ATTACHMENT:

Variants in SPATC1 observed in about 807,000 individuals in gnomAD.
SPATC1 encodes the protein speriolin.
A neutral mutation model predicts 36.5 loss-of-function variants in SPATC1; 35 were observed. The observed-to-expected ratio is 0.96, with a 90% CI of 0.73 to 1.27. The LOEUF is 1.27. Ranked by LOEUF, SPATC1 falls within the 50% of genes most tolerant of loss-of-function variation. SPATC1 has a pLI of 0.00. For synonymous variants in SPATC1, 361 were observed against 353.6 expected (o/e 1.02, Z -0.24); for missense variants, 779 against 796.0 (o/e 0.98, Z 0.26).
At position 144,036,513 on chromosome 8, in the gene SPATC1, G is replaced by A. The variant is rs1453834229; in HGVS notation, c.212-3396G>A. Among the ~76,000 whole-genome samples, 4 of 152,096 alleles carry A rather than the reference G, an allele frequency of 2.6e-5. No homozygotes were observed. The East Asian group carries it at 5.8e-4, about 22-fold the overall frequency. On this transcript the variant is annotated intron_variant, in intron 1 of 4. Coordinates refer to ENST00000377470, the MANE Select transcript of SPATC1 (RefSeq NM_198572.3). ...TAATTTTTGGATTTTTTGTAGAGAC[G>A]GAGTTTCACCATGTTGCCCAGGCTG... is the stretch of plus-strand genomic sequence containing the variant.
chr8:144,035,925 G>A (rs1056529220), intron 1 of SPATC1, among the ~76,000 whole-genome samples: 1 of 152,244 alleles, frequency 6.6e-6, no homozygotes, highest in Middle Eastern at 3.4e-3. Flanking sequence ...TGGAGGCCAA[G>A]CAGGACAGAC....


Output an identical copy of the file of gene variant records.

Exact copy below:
Variants in SPATC1 observed in about 807,000 individuals in gnomAD.
SPATC1 encodes the protein speriolin.
A neutral mutation model predicts 36.5 loss-of-function variants in SPATC1; 35 were observed. The observed-to-expected ratio is 0.96, with a 90% CI of 0.73 to 1.27. The LOEUF is 1.27. Ranked by LOEUF, SPATC1 falls within the 50% of genes most tolerant of loss-of-function variation. SPATC1 has a pLI of 0.00. For synonymous variants in SPATC1, 361 were observed against 353.6 expected (o/e 1.02, Z -0.24); for missense variants, 779 against 796.0 (o/e 0.98, Z 0.26).
At position 144,036,513 on chromosome 8, in the gene SPATC1, G is replaced by A. The variant is rs1453834229; in HGVS notation, c.212-3396G>A. Among the ~76,000 whole-genome samples, 4 of 152,096 alleles carry A rather than the reference G, an allele frequency of 2.6e-5. No homozygotes were observed. The East Asian group carries it at 5.8e-4, about 22-fold the overall frequency. On this transcript the variant is annotated intron_variant, in intron 1 of 4. Coordinates refer to ENST00000377470, the MANE Select transcript of SPATC1 (RefSeq NM_198572.3). ...TAATTTTTGGATTTTTTGTAGAGAC[G>A]GAGTTTCACCATGTTGCCCAGGCTG... is the stretch of plus-strand genomic sequence containing the variant.
chr8:144,035,925 G>A (rs1056529220), intron 1 of SPATC1, among the ~76,000 whole-genome samples: 1 of 152,244 alleles, frequency 6.6e-6, no homozygotes, highest in Middle Eastern at 3.4e-3. Flanking sequence ...TGGAGGCCAA[G>A]CAGGACAGAC....